is IsussnS LfsWitß tronage, we herewith offer to the school
|1 {MKAEwMfInpHB second highest number
tIH smTWV a^Hlllf b! votes in The Herald contest, a Solid Gold
SKA JBsssVsSsHin < ~' ase Walt ' iam movement watch (tor either
■fl Bdai sM H lltly or gentleman). Tne watch, aside from
By our as a
* B' piece, has the written guarantee the Wal-
WLf tham Watch Co. During our limiteu stay'
Mr the watches can be seen our
HJH wr salesroom, 235 S. Spring St. Respecttullv,
LISSNER & CO..
m **\%\\\\\\\9 mw Retiring Goldsmiths, Silversmiths, Opticians.
Third Prize From ,
The set Is now on exhibition at our old location in the Stimson block. On our
removal to our new building, Nos. 420-124 South Spring, the set will be given a
prominent position among our new and elegant designs of modern shapes of fur
niture. Respectfully, BARKER BROS..
Dealers in all kinds of Furniture, Carpetings and House Furnishings, STIMSON
BLOCK, SOUTH SPRING STREET.
Gold Coin Premiums for Pupils
To encourage all pupils of the various schools to help win one of the prises for
their teacher. The Herald offers three gold coin prizes of SlO, $5 and 12.50 to the
three pupils securing the greatest number of subscribers for The Herald during
the contest. This, briefly told, is the plan. Let all get to work at once. Save your
coupons; get additional votes by subscribing for The Herald.
Regular pupils at some school In the city are the only eligible contestants for
these premiums. This is a grand opportunity for the enterprising boys and girls
of the schools to secure a handsome Christmas present. Call at The Herald office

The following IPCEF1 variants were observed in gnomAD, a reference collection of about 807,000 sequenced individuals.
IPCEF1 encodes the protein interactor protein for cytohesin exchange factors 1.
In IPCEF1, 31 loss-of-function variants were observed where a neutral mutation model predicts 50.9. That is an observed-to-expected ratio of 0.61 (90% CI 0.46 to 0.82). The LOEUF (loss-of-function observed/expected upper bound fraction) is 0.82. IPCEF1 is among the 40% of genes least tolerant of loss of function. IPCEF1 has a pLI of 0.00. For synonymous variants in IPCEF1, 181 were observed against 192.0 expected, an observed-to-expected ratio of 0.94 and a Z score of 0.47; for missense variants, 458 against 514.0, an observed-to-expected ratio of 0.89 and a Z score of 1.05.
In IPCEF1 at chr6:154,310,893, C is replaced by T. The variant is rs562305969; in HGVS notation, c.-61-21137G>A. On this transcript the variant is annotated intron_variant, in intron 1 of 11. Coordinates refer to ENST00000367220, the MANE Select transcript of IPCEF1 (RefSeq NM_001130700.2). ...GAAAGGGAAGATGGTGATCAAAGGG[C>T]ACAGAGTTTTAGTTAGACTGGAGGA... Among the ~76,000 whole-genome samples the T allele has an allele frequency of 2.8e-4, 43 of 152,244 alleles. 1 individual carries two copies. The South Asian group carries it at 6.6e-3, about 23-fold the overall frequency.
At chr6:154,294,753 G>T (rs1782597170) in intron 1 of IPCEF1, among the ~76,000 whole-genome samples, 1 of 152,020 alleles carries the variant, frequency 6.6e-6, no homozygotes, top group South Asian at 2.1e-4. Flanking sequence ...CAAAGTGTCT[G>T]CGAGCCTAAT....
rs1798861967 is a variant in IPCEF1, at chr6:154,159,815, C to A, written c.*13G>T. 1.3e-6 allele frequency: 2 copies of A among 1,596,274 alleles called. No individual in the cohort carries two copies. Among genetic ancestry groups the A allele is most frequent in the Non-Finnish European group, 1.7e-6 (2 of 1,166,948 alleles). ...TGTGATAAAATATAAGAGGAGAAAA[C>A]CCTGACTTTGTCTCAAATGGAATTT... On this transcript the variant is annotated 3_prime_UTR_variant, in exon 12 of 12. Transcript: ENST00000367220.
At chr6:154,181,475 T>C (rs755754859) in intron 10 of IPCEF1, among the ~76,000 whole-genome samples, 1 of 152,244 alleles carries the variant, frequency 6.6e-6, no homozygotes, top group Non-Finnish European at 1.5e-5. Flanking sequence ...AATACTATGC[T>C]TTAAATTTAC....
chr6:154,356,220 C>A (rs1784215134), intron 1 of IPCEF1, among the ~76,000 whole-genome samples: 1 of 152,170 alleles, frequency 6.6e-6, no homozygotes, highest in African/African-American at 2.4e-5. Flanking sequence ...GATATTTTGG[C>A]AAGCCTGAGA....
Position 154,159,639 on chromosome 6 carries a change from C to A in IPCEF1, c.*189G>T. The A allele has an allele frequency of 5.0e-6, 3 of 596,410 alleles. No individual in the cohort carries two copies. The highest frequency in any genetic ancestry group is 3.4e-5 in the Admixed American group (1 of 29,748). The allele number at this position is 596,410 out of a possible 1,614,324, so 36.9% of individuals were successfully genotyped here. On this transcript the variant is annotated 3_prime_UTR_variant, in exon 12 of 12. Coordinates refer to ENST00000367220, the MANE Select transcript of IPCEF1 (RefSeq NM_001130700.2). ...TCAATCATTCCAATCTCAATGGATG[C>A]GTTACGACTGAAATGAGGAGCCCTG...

and secure all needed information.
Prizes for Subscribers
Each new subscriber to The Daily Herald will receive a Souvenir ranging ln value
up to $6 each. These gems of art In. China have been selected from the large stock
)f Messrs. Meyberg Bros.' Crystal Palace China House. They surpass In value
and beauty any newspaper premiums ever offered on the Coast. In addition to the
China Souvenirs a finely mounted Globe of the World is offered. Subscribers
will have a selection of over 100 premiums to choose from. These prises can be
seen at the Crystal Palace China Store or at The Herald office. In addition to
the Souvenirs offered, Subscribers' Premium Ballots are also given at the fol
lowing ratio:
1 Month's paid-up subscription, 75c 25 Votes
2 Months' paid-up subscription, $1.50 75 Votes
3 Months' paid-up subscription, $2.25 150 Votes ~
6 Months' paid-up subscription, $4.50 400 Votes
1 Year's paid-up subscription, $9.00 900 Votes
Present subscribers to The Herald can obtain the premiums by paying their
tubscriptlon at once.
Trim Ballets to This Line.